If you work in podcasting, chances are you’ve probably had to deal with countless people pitching podcasts to you, or telling you that they’d love to start their own. It’s certainly one of the most common conversations I have with people outside the industry, and with the holidays around the corner, many of us will doubtless be gearing up to grit our teeth through friends and family members’ half-baked proposals.
On one level, it’s encouraging to see that the medium is so alluring and exciting to the general public, and the much-vaunted accessibility of podcasting means that all of these people could - in theory, at least - make these ambitions a reality.
However, just because you can do something, doesn’t mean you should, and the problem that most of these would-be podcasters face is that too many of them want to start a podcast simply for its own sake. The market is all but choked with so-called “chat podcasts”, and part of the reason is that many hosts seemingly assume that they’re such interesting people, they don’t need to give listeners any other reason to tune in.
Too many podcasters choose to, as my nana would put it, open their mouth and let their belly rumble. Most of these podcasts never succeed, because they don’t have a clear purpose in mind - not necessarily a goal they want to achieve, but an idea of why they’re creating a podcast, and why people would be interested in it.
This applies to brands and organisations as much as it does to people. Just because your CEO thinks they’re God’s gift to business doesn’t mean that anyone’s going to want to listen to their musings on leadership and entrepreneurialism. With any podcast, the starting point should be: “What need am I meeting by creating this?” As Fresh Air founder Neil Cowling is fond of saying: “What’s the podcast that only you could make?”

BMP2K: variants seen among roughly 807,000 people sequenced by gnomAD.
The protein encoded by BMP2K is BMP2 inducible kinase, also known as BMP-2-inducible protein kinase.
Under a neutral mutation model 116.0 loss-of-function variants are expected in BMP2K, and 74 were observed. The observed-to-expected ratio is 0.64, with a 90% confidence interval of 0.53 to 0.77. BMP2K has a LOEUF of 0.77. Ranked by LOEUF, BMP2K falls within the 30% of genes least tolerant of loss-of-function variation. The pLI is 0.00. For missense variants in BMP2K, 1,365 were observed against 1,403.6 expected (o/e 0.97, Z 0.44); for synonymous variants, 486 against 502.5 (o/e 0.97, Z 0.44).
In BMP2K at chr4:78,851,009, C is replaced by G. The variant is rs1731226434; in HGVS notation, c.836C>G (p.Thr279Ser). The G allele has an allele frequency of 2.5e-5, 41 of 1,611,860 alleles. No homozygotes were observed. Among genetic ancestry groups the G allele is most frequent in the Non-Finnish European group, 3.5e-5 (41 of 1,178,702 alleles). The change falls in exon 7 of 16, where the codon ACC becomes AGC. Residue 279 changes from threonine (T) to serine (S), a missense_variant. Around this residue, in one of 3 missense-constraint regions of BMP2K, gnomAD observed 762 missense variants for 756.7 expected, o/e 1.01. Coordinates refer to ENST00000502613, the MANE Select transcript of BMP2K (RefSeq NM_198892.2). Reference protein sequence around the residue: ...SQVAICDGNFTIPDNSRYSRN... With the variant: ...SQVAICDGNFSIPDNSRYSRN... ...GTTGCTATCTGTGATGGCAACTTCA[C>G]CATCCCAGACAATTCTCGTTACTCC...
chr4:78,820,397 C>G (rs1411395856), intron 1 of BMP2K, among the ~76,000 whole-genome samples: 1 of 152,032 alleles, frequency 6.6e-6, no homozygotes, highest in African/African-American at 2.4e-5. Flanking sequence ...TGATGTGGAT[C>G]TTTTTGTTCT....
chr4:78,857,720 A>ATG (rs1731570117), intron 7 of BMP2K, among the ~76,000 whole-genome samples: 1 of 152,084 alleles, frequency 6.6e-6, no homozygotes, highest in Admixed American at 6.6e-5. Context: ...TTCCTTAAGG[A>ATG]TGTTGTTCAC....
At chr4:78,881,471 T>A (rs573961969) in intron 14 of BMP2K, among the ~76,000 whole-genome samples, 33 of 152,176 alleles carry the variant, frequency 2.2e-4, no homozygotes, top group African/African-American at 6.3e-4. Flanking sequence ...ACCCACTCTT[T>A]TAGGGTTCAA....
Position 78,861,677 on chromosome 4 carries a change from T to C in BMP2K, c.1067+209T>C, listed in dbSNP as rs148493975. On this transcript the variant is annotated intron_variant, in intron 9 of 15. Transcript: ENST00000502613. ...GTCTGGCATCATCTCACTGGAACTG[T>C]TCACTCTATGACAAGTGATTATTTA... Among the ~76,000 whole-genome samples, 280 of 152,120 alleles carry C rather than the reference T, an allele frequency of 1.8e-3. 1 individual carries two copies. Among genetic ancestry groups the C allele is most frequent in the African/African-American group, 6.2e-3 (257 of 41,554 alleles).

This should be part of your planning from stage one. Having a clear purpose in mind allows you to effectively structure your format and content to fulfil that purpose. Are you trying to shed light on a particular cause or issue that you’re passionate about? Are you aiming to turn podcasting into a career? Are you just doing it for the joy of talking about something you love, like movies or music? All of these motivations will be best served by different approaches, and will have different measurements for whether or not they’re successful.
Brands can learn from this approach too; if you want to launch a company podcast, you’ll want to know whether the goal is to drive new business, increase customer loyalty, or to improve brand awareness and reputation. Issue-led associative content, for example, may not drive much direct conversion, but it can help establish your brand values within listeners’ minds.
Knowing your purpose also helps establish ROI, and what metrics you’re tracking to define it. This goes back to one of my other hobby-horses around realistic listener goals; if you’re launching an industry-specific podcast, you shouldn’t be expecting a mass audience, but something broader that’s designed for brand awareness may have greater reach.
The fact that anyone can create a podcast is part of what makes this industry so rich and diverse, but if you are going to create a podcast, you should make sure you’re doing it for the right reasons. Not only will you end up with a better end result, you’ll likely find the process of making it much smoother and less frustrating with a clear motivation behind you.
And for those in the industry that are dreading the thought of running unpaid podcast development workshops over the holidays, you may want to try getting over-enthusiastic family members off your back by setting them a bit of homework: Why do you want to start a podcast, and what do you want it to accomplish?
You may end up sparking the next smash hit idea - but if not, you’ll at least have bought yourself a few moments’ peace.